Desiree Robinson: This 85-Year-Old Pitmaster Just Became the First Black Woman Inducted into the Barbecue Hall of Fame

Desiree Robinson


Desiree Robinson is the first African-American woman to be inducted into the Barbecue Hall of Fame. The 85-year-old is the matriarch of Cozy Corner, a long-running family-owned restaurant in North Memphis.

Robinson has been credited with guaranteeing the restaurant’s continued success since it first debuted in 1977 as a family business. She told Fox 13 that she co-founded the restaurant with her late husband, whom she describes as an amazing cook.

“My husband was an awesome cook, and I’m good, but not nearly as good as he was. “I’m telling you it blew my mind. It started with him. He built it for us,” Robinson said.

She attributed the restaurant’s success to her husband’s tasty meals and his rapport with clients. “He never met somebody who didn’t fall in love with him,” Robinson said. “He was the most endearing person I’d ever met. He also had the personality. Oh my gosh, he was adored by everyone. People liked him because he liked people.”

Following her husband’s death in 2001, she took over the firm and guided it to new heights. She made history in 2020 as the pitmaster of Cozy Corner, becoming not only the first Black woman, but also the first living Black person, to be inducted into the Barbecue Hall of Fame. Although three other Negroes have previously been inducted into the Barbecue Hall of Fame, they were all deceased.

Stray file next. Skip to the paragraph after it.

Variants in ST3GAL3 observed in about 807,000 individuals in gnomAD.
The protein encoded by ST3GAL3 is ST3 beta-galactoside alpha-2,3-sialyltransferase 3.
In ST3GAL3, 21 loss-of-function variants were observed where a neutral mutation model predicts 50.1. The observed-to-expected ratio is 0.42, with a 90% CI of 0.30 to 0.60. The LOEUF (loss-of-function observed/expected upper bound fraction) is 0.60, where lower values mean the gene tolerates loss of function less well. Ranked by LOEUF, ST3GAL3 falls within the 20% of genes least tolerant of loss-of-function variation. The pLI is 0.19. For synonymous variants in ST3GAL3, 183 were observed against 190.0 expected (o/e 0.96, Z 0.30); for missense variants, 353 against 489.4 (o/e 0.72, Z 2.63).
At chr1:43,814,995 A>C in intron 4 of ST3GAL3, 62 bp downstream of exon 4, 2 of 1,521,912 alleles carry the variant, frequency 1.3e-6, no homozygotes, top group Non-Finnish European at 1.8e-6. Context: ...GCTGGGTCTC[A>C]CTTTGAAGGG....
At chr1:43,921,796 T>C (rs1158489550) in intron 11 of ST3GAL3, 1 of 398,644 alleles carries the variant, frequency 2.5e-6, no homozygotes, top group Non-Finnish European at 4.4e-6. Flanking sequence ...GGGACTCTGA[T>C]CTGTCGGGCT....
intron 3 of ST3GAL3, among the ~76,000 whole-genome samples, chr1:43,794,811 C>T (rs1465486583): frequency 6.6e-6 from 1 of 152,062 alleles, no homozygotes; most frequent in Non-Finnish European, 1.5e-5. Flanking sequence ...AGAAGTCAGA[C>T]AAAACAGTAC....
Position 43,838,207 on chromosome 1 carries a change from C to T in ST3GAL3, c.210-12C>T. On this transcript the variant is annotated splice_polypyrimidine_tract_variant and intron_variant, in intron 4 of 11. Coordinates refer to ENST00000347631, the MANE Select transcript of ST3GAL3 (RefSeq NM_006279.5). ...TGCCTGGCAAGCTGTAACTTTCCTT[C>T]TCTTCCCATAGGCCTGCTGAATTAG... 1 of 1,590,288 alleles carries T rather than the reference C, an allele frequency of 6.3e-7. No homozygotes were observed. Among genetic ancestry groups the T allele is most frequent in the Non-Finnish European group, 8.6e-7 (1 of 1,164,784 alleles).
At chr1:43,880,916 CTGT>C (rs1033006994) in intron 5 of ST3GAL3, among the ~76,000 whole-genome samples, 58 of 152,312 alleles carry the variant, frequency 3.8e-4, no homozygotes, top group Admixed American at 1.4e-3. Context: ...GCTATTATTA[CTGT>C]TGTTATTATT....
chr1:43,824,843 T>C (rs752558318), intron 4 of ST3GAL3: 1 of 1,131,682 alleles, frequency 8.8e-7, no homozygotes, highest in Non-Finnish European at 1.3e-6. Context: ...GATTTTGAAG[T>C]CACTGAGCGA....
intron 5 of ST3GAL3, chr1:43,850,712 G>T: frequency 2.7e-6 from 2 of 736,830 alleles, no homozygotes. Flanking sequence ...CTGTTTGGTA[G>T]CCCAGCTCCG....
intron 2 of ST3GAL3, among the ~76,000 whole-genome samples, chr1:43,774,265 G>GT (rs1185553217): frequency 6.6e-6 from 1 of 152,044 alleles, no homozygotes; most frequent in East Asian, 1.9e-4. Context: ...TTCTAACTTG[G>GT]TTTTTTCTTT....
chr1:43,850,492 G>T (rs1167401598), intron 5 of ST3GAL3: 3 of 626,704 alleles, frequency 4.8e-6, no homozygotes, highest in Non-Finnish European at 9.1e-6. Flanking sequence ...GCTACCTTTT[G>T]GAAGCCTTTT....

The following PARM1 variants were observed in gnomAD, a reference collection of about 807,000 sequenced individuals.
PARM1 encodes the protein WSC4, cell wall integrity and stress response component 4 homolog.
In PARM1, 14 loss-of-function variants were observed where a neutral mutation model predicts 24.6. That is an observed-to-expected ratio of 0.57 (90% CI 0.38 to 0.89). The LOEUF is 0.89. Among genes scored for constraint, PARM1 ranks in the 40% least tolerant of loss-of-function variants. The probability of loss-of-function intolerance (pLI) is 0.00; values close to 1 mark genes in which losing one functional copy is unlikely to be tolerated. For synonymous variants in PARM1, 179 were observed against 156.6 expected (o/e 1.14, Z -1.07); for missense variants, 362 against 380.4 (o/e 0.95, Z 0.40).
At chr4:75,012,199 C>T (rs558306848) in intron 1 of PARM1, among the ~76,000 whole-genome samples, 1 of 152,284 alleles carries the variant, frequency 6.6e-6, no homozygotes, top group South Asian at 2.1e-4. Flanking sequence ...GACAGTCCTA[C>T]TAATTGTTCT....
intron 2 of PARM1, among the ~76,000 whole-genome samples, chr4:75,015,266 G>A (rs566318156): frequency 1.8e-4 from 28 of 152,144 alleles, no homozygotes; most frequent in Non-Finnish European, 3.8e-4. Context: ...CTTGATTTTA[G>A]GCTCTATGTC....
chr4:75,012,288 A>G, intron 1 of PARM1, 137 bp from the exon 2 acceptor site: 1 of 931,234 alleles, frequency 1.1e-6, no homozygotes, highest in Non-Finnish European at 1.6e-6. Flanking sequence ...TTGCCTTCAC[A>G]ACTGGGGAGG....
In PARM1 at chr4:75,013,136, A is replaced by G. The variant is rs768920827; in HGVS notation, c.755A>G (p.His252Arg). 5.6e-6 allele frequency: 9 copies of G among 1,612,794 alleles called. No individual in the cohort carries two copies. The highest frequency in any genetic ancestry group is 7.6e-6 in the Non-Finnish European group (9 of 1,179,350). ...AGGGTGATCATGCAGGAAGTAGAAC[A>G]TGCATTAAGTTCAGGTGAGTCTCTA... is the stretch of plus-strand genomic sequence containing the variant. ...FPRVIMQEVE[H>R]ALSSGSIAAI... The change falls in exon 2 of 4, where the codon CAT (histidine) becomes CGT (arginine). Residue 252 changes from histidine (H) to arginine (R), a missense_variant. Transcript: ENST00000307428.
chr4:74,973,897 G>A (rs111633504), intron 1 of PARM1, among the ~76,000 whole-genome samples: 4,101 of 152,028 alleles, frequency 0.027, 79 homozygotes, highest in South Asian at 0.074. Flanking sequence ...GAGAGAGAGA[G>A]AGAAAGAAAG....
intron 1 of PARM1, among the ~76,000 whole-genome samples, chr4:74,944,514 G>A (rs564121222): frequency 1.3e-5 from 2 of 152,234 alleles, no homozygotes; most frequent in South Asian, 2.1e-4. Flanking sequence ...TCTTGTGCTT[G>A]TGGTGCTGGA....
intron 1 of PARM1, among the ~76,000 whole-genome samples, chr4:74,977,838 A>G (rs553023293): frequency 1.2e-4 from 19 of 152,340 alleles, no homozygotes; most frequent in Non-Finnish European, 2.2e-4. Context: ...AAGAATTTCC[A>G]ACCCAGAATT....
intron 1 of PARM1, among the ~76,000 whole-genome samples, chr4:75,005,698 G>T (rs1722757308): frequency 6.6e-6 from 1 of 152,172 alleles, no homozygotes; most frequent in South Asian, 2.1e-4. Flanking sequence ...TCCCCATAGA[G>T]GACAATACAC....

Commenting on how she feels following her historic feat, she told Fox 13, “I wish I could describe it to you,” said Robinson. “You just can’t imagine how good it makes me feel. I’m blessed because I know it’s all about how it got started and maintained.”

Cozy Corner, which is now four generations in, is managed with the support of her children. “Our kids don’t stay home for nap time when they’re coming up, little kids,” said Robinson. “They go to the Cozy Corner every day and go to the back and have their nap, come out and socialize with the customers.

“And when they’re old enough, they’ll wipe down tables, wait, whatever is age appropriate.” The 85-year-old pitmaster added that the restaurant continues to practice the tradition of greeting every customer that walks in. Robinson said she wants every customer to know that they are at home.

“I want them to know that they are welcomed and I want them to know that I want them to come back. So they’re going to eat good and they’re going to be treated right,” she noted.


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